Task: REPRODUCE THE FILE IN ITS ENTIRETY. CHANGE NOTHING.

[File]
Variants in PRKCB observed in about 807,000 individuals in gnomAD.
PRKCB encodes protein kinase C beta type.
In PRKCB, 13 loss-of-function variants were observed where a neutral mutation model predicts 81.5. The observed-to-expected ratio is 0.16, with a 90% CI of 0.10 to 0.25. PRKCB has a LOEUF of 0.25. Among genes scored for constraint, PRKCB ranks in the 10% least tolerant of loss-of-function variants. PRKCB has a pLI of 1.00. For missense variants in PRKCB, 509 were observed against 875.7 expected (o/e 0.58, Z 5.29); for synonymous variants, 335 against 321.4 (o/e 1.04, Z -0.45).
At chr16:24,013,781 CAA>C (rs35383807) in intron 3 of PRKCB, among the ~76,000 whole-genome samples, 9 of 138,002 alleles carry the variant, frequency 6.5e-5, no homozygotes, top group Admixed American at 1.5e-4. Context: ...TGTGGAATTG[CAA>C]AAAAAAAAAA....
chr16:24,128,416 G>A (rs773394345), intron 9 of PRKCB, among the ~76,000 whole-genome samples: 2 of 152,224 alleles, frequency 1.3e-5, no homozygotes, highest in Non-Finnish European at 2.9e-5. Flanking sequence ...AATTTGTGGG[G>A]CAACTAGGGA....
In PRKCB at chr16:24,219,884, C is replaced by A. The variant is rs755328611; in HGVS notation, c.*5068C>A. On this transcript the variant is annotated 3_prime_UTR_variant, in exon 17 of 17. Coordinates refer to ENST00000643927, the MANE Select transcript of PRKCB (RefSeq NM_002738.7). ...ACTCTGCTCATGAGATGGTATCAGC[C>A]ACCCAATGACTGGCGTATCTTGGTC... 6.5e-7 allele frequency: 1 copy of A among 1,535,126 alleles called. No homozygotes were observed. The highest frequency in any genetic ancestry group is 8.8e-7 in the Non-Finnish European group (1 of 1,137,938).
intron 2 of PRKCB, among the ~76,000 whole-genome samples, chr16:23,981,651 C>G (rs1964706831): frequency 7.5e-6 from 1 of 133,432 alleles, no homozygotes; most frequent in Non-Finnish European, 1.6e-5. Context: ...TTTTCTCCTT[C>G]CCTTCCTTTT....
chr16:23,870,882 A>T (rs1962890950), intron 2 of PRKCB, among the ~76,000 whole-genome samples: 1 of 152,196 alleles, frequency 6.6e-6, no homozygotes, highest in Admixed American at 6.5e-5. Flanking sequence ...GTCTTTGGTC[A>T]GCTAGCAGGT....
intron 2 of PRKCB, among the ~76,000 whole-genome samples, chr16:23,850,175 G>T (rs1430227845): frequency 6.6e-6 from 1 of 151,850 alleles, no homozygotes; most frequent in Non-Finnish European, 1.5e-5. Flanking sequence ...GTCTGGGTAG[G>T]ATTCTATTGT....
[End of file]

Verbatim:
Variants in PRKCB observed in about 807,000 individuals in gnomAD.
PRKCB encodes protein kinase C beta type.
In PRKCB, 13 loss-of-function variants were observed where a neutral mutation model predicts 81.5. The observed-to-expected ratio is 0.16, with a 90% CI of 0.10 to 0.25. PRKCB has a LOEUF of 0.25. Among genes scored for constraint, PRKCB ranks in the 10% least tolerant of loss-of-function variants. PRKCB has a pLI of 1.00. For missense variants in PRKCB, 509 were observed against 875.7 expected (o/e 0.58, Z 5.29); for synonymous variants, 335 against 321.4 (o/e 1.04, Z -0.45).
At chr16:24,013,781 CAA>C (rs35383807) in intron 3 of PRKCB, among the ~76,000 whole-genome samples, 9 of 138,002 alleles carry the variant, frequency 6.5e-5, no homozygotes, top group Admixed American at 1.5e-4. Context: ...TGTGGAATTG[CAA>C]AAAAAAAAAA....
chr16:24,128,416 G>A (rs773394345), intron 9 of PRKCB, among the ~76,000 whole-genome samples: 2 of 152,224 alleles, frequency 1.3e-5, no homozygotes, highest in Non-Finnish European at 2.9e-5. Flanking sequence ...AATTTGTGGG[G>A]CAACTAGGGA....
In PRKCB at chr16:24,219,884, C is replaced by A. The variant is rs755328611; in HGVS notation, c.*5068C>A. On this transcript the variant is annotated 3_prime_UTR_variant, in exon 17 of 17. Coordinates refer to ENST00000643927, the MANE Select transcript of PRKCB (RefSeq NM_002738.7). ...ACTCTGCTCATGAGATGGTATCAGC[C>A]ACCCAATGACTGGCGTATCTTGGTC... 6.5e-7 allele frequency: 1 copy of A among 1,535,126 alleles called. No homozygotes were observed. The highest frequency in any genetic ancestry group is 8.8e-7 in the Non-Finnish European group (1 of 1,137,938).
intron 2 of PRKCB, among the ~76,000 whole-genome samples, chr16:23,981,651 C>G (rs1964706831): frequency 7.5e-6 from 1 of 133,432 alleles, no homozygotes; most frequent in Non-Finnish European, 1.6e-5. Context: ...TTTTCTCCTT[C>G]CCTTCCTTTT....
chr16:23,870,882 A>T (rs1962890950), intron 2 of PRKCB, among the ~76,000 whole-genome samples: 1 of 152,196 alleles, frequency 6.6e-6, no homozygotes, highest in Admixed American at 6.5e-5. Flanking sequence ...GTCTTTGGTC[A>T]GCTAGCAGGT....
intron 2 of PRKCB, among the ~76,000 whole-genome samples, chr16:23,850,175 G>T (rs1430227845): frequency 6.6e-6 from 1 of 151,850 alleles, no homozygotes; most frequent in Non-Finnish European, 1.5e-5. Flanking sequence ...GTCTGGGTAG[G>T]ATTCTATTGT....